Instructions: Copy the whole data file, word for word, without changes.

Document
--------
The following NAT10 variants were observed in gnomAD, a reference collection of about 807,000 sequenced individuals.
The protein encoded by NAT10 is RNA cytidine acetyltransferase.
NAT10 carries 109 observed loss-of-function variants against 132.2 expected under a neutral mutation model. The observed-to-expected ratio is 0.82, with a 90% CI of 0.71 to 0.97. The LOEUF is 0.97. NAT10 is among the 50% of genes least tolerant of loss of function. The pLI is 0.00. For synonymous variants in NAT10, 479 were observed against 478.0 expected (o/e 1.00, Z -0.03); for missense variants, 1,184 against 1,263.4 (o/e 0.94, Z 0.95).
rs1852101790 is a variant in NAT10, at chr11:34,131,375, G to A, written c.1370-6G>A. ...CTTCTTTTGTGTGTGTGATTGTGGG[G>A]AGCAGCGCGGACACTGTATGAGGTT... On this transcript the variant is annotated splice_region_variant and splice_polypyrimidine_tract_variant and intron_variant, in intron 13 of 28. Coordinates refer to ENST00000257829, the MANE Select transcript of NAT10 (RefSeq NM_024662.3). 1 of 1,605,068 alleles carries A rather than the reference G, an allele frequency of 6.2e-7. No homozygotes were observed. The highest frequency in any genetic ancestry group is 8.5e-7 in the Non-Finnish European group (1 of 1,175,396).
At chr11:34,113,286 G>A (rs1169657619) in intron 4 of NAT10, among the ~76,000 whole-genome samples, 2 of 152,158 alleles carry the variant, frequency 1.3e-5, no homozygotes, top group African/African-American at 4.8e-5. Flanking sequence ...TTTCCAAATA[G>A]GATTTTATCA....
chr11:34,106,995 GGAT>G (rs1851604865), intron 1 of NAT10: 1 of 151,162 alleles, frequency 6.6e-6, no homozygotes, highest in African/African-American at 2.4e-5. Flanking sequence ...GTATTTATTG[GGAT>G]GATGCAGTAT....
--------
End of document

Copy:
The following NAT10 variants were observed in gnomAD, a reference collection of about 807,000 sequenced individuals.
The protein encoded by NAT10 is RNA cytidine acetyltransferase.
NAT10 carries 109 observed loss-of-function variants against 132.2 expected under a neutral mutation model. The observed-to-expected ratio is 0.82, with a 90% CI of 0.71 to 0.97. The LOEUF is 0.97. NAT10 is among the 50% of genes least tolerant of loss of function. The pLI is 0.00. For synonymous variants in NAT10, 479 were observed against 478.0 expected (o/e 1.00, Z -0.03); for missense variants, 1,184 against 1,263.4 (o/e 0.94, Z 0.95).
rs1852101790 is a variant in NAT10, at chr11:34,131,375, G to A, written c.1370-6G>A. ...CTTCTTTTGTGTGTGTGATTGTGGG[G>A]AGCAGCGCGGACACTGTATGAGGTT... On this transcript the variant is annotated splice_region_variant and splice_polypyrimidine_tract_variant and intron_variant, in intron 13 of 28. Coordinates refer to ENST00000257829, the MANE Select transcript of NAT10 (RefSeq NM_024662.3). 1 of 1,605,068 alleles carries A rather than the reference G, an allele frequency of 6.2e-7. No homozygotes were observed. The highest frequency in any genetic ancestry group is 8.5e-7 in the Non-Finnish European group (1 of 1,175,396).
At chr11:34,113,286 G>A (rs1169657619) in intron 4 of NAT10, among the ~76,000 whole-genome samples, 2 of 152,158 alleles carry the variant, frequency 1.3e-5, no homozygotes, top group African/African-American at 4.8e-5. Flanking sequence ...TTTCCAAATA[G>A]GATTTTATCA....
chr11:34,106,995 GGAT>G (rs1851604865), intron 1 of NAT10: 1 of 151,162 alleles, frequency 6.6e-6, no homozygotes, highest in African/African-American at 2.4e-5. Flanking sequence ...GTATTTATTG[GGAT>G]GATGCAGTAT....